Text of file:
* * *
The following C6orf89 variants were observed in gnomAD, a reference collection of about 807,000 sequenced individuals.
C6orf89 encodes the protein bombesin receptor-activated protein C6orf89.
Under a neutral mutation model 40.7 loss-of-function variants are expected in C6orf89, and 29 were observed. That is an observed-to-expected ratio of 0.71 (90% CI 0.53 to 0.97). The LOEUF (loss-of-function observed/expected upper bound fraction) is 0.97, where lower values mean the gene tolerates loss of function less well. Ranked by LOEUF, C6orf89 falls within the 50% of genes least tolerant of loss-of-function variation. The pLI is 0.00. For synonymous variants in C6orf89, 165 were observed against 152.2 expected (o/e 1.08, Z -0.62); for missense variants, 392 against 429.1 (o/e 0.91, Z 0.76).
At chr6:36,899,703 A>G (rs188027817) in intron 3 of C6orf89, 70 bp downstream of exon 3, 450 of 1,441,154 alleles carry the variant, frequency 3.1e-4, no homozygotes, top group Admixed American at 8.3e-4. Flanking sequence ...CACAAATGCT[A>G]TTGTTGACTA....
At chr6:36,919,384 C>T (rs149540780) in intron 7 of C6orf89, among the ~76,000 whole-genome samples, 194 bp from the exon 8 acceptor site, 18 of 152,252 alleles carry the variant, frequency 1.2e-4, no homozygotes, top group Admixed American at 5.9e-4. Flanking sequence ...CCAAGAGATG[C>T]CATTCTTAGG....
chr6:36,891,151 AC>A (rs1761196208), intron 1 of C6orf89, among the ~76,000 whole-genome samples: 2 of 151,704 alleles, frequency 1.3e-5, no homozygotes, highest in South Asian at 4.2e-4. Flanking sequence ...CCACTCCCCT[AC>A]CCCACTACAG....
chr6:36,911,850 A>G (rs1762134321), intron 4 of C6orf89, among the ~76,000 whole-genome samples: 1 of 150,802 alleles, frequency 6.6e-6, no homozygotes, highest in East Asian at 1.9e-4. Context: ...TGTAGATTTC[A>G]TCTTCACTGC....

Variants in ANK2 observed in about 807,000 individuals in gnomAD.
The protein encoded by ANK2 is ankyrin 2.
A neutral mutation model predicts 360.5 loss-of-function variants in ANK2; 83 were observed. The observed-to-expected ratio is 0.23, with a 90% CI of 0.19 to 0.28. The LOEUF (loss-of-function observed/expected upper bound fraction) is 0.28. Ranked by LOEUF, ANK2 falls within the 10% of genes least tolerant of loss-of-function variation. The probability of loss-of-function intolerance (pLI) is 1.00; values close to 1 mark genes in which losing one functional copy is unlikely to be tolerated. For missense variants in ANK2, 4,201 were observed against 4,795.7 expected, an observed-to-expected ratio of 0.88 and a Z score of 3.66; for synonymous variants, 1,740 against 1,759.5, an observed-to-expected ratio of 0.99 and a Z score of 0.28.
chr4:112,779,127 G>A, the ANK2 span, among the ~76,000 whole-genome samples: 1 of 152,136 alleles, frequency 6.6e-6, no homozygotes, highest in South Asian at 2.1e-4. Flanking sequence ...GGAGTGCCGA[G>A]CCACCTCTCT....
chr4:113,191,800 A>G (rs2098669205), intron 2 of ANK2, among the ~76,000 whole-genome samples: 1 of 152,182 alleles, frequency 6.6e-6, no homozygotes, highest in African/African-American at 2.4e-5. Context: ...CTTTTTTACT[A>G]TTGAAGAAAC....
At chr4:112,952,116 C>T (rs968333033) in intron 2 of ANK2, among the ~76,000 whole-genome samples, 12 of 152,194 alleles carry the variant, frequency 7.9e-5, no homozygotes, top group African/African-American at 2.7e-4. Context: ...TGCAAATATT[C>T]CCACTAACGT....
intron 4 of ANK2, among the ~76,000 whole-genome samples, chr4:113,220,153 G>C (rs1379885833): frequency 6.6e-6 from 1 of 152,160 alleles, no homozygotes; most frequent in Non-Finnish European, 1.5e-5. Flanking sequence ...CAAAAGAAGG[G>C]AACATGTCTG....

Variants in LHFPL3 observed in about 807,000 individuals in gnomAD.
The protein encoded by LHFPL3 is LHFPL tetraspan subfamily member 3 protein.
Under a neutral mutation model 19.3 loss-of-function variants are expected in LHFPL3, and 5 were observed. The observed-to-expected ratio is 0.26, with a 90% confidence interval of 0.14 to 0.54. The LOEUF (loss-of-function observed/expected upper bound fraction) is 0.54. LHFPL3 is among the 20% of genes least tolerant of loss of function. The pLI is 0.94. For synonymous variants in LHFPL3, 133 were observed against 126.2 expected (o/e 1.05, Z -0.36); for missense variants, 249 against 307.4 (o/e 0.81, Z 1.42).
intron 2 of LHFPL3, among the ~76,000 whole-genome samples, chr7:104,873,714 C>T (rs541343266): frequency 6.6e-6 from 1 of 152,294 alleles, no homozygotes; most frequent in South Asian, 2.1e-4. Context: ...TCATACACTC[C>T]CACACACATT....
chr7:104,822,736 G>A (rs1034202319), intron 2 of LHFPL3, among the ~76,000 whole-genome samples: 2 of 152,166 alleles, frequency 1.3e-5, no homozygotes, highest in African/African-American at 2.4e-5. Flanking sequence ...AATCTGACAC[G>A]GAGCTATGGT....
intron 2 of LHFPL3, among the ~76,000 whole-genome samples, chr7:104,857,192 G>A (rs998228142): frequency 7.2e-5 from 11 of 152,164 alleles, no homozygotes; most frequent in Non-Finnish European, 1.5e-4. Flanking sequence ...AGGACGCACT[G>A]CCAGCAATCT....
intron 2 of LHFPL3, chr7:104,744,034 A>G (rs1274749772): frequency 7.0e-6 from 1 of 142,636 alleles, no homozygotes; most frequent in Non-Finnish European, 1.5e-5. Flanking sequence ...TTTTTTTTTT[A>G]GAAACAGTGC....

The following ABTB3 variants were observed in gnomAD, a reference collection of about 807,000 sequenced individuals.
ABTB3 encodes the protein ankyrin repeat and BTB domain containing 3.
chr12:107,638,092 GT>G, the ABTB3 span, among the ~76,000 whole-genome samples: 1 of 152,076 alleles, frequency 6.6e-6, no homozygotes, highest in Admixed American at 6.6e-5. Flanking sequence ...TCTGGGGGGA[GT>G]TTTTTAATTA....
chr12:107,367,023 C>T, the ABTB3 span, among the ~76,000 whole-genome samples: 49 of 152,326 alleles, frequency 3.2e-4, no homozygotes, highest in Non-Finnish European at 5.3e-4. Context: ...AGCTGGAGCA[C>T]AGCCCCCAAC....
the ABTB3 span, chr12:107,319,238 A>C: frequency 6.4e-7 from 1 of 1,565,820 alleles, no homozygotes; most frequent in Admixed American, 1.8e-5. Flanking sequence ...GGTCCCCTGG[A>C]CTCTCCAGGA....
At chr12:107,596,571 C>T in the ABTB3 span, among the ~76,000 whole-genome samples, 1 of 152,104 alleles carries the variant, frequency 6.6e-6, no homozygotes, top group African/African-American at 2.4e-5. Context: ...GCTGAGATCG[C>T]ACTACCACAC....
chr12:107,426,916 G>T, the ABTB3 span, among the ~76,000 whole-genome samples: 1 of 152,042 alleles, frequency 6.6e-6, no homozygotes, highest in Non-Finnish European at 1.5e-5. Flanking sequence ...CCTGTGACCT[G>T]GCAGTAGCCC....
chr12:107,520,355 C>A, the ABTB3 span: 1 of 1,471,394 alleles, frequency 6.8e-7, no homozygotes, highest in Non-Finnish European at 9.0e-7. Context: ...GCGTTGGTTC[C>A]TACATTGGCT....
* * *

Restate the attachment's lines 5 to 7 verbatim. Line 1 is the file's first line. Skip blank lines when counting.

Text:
At chr6:36,919,384 C>T (rs149540780) in intron 7 of C6orf89, among the ~76,000 whole-genome samples, 194 bp from the exon 8 acceptor site, 18 of 152,252 alleles carry the variant, frequency 1.2e-4, no homozygotes, top group Admixed American at 5.9e-4. Flanking sequence ...CCAAGAGATG[C>T]CATTCTTAGG....
chr6:36,891,151 AC>A (rs1761196208), intron 1 of C6orf89, among the ~76,000 whole-genome samples: 2 of 151,704 alleles, frequency 1.3e-5, no homozygotes, highest in South Asian at 4.2e-4. Flanking sequence ...CCACTCCCCT[AC>A]CCCACTACAG....
chr6:36,911,850 A>G (rs1762134321), intron 4 of C6orf89, among the ~76,000 whole-genome samples: 1 of 150,802 alleles, frequency 6.6e-6, no homozygotes, highest in East Asian at 1.9e-4. Context: ...TGTAGATTTC[A>G]TCTTCACTGC....